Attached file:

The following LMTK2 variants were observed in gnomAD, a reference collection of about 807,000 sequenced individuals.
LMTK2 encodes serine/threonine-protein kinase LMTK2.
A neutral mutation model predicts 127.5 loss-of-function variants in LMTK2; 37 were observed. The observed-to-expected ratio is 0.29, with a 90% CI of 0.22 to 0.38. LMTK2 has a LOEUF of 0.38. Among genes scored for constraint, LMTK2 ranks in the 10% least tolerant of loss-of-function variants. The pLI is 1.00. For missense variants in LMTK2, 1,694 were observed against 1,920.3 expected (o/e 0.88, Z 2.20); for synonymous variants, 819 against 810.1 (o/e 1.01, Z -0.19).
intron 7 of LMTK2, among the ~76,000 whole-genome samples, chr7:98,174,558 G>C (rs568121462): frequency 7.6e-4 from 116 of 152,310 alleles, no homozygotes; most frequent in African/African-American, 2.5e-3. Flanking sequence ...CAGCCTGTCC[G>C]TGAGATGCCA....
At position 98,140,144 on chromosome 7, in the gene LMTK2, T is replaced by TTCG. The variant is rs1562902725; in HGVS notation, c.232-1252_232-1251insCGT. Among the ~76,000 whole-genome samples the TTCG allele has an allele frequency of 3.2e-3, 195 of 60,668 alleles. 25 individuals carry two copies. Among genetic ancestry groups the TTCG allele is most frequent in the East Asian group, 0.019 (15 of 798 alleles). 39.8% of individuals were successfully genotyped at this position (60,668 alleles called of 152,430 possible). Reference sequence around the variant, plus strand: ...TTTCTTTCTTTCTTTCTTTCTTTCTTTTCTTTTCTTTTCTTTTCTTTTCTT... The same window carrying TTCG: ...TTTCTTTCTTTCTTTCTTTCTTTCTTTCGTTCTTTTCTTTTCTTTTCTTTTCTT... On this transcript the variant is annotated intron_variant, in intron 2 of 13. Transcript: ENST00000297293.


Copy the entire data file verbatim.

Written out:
The following LMTK2 variants were observed in gnomAD, a reference collection of about 807,000 sequenced individuals.
LMTK2 encodes serine/threonine-protein kinase LMTK2.
A neutral mutation model predicts 127.5 loss-of-function variants in LMTK2; 37 were observed. The observed-to-expected ratio is 0.29, with a 90% CI of 0.22 to 0.38. LMTK2 has a LOEUF of 0.38. Among genes scored for constraint, LMTK2 ranks in the 10% least tolerant of loss-of-function variants. The pLI is 1.00. For missense variants in LMTK2, 1,694 were observed against 1,920.3 expected (o/e 0.88, Z 2.20); for synonymous variants, 819 against 810.1 (o/e 1.01, Z -0.19).
intron 7 of LMTK2, among the ~76,000 whole-genome samples, chr7:98,174,558 G>C (rs568121462): frequency 7.6e-4 from 116 of 152,310 alleles, no homozygotes; most frequent in African/African-American, 2.5e-3. Flanking sequence ...CAGCCTGTCC[G>C]TGAGATGCCA....
At position 98,140,144 on chromosome 7, in the gene LMTK2, T is replaced by TTCG. The variant is rs1562902725; in HGVS notation, c.232-1252_232-1251insCGT. Among the ~76,000 whole-genome samples the TTCG allele has an allele frequency of 3.2e-3, 195 of 60,668 alleles. 25 individuals carry two copies. Among genetic ancestry groups the TTCG allele is most frequent in the East Asian group, 0.019 (15 of 798 alleles). 39.8% of individuals were successfully genotyped at this position (60,668 alleles called of 152,430 possible). Reference sequence around the variant, plus strand: ...TTTCTTTCTTTCTTTCTTTCTTTCTTTTCTTTTCTTTTCTTTTCTTTTCTT... The same window carrying TTCG: ...TTTCTTTCTTTCTTTCTTTCTTTCTTTCGTTCTTTTCTTTTCTTTTCTTTTCTT... On this transcript the variant is annotated intron_variant, in intron 2 of 13. Transcript: ENST00000297293.